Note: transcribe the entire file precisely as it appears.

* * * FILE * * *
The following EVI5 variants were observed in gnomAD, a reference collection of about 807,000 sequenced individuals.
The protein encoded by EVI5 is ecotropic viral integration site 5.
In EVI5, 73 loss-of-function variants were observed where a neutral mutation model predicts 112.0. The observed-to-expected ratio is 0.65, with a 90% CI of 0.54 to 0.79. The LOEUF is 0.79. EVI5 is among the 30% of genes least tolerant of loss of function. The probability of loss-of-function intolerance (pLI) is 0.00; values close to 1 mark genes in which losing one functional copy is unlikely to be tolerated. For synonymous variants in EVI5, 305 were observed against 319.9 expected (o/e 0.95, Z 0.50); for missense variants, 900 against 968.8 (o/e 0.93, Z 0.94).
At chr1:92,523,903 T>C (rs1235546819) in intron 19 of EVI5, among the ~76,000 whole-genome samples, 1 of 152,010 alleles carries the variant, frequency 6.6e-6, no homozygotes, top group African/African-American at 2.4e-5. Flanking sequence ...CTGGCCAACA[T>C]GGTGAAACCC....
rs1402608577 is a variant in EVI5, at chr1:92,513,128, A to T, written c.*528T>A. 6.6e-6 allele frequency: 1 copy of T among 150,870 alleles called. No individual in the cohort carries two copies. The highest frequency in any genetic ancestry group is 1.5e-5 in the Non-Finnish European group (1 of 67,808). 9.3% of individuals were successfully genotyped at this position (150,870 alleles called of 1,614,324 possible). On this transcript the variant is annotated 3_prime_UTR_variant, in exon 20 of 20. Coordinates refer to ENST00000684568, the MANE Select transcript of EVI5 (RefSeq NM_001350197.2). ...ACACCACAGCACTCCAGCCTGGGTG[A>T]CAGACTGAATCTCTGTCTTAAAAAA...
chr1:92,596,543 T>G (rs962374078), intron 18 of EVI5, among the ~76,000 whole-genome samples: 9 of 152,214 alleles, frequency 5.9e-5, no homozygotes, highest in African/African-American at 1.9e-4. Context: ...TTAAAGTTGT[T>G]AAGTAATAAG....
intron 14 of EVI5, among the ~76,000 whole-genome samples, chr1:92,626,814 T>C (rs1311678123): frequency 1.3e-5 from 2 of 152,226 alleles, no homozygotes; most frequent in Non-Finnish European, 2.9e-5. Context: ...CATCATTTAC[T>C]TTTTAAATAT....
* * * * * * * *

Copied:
The following EVI5 variants were observed in gnomAD, a reference collection of about 807,000 sequenced individuals.
The protein encoded by EVI5 is ecotropic viral integration site 5.
In EVI5, 73 loss-of-function variants were observed where a neutral mutation model predicts 112.0. The observed-to-expected ratio is 0.65, with a 90% CI of 0.54 to 0.79. The LOEUF is 0.79. EVI5 is among the 30% of genes least tolerant of loss of function. The probability of loss-of-function intolerance (pLI) is 0.00; values close to 1 mark genes in which losing one functional copy is unlikely to be tolerated. For synonymous variants in EVI5, 305 were observed against 319.9 expected (o/e 0.95, Z 0.50); for missense variants, 900 against 968.8 (o/e 0.93, Z 0.94).
At chr1:92,523,903 T>C (rs1235546819) in intron 19 of EVI5, among the ~76,000 whole-genome samples, 1 of 152,010 alleles carries the variant, frequency 6.6e-6, no homozygotes, top group African/African-American at 2.4e-5. Flanking sequence ...CTGGCCAACA[T>C]GGTGAAACCC....
rs1402608577 is a variant in EVI5, at chr1:92,513,128, A to T, written c.*528T>A. 6.6e-6 allele frequency: 1 copy of T among 150,870 alleles called. No individual in the cohort carries two copies. The highest frequency in any genetic ancestry group is 1.5e-5 in the Non-Finnish European group (1 of 67,808). 9.3% of individuals were successfully genotyped at this position (150,870 alleles called of 1,614,324 possible). On this transcript the variant is annotated 3_prime_UTR_variant, in exon 20 of 20. Coordinates refer to ENST00000684568, the MANE Select transcript of EVI5 (RefSeq NM_001350197.2). ...ACACCACAGCACTCCAGCCTGGGTG[A>T]CAGACTGAATCTCTGTCTTAAAAAA...
chr1:92,596,543 T>G (rs962374078), intron 18 of EVI5, among the ~76,000 whole-genome samples: 9 of 152,214 alleles, frequency 5.9e-5, no homozygotes, highest in African/African-American at 1.9e-4. Context: ...TTAAAGTTGT[T>G]AAGTAATAAG....
intron 14 of EVI5, among the ~76,000 whole-genome samples, chr1:92,626,814 T>C (rs1311678123): frequency 1.3e-5 from 2 of 152,226 alleles, no homozygotes; most frequent in Non-Finnish European, 2.9e-5. Context: ...CATCATTTAC[T>C]TTTTAAATAT....